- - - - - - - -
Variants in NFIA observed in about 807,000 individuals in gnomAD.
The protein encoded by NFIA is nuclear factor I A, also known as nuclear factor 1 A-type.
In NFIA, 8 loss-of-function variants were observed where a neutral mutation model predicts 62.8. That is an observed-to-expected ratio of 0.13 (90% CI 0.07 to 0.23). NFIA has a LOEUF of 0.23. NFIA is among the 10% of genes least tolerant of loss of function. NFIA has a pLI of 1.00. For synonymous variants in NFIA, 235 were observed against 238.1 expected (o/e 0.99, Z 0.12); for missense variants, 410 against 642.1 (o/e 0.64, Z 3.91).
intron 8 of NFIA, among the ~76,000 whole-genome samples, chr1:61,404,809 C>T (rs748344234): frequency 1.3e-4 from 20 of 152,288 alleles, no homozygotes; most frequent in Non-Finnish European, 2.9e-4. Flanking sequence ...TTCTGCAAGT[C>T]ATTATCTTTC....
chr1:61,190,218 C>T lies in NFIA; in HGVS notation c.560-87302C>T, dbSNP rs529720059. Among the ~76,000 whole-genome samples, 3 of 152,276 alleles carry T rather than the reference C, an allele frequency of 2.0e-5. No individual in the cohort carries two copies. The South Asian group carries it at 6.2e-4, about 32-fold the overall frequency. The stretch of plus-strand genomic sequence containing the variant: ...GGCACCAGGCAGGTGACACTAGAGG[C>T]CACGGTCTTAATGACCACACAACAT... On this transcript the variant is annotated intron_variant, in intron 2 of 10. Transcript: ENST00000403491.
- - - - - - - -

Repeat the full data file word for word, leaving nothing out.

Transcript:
Variants in NFIA observed in about 807,000 individuals in gnomAD.
The protein encoded by NFIA is nuclear factor I A, also known as nuclear factor 1 A-type.
In NFIA, 8 loss-of-function variants were observed where a neutral mutation model predicts 62.8. That is an observed-to-expected ratio of 0.13 (90% CI 0.07 to 0.23). NFIA has a LOEUF of 0.23. NFIA is among the 10% of genes least tolerant of loss of function. NFIA has a pLI of 1.00. For synonymous variants in NFIA, 235 were observed against 238.1 expected (o/e 0.99, Z 0.12); for missense variants, 410 against 642.1 (o/e 0.64, Z 3.91).
intron 8 of NFIA, among the ~76,000 whole-genome samples, chr1:61,404,809 C>T (rs748344234): frequency 1.3e-4 from 20 of 152,288 alleles, no homozygotes; most frequent in Non-Finnish European, 2.9e-4. Flanking sequence ...TTCTGCAAGT[C>T]ATTATCTTTC....
chr1:61,190,218 C>T lies in NFIA; in HGVS notation c.560-87302C>T, dbSNP rs529720059. Among the ~76,000 whole-genome samples, 3 of 152,276 alleles carry T rather than the reference C, an allele frequency of 2.0e-5. No individual in the cohort carries two copies. The South Asian group carries it at 6.2e-4, about 32-fold the overall frequency. The stretch of plus-strand genomic sequence containing the variant: ...GGCACCAGGCAGGTGACACTAGAGG[C>T]CACGGTCTTAATGACCACACAACAT... On this transcript the variant is annotated intron_variant, in intron 2 of 10. Transcript: ENST00000403491.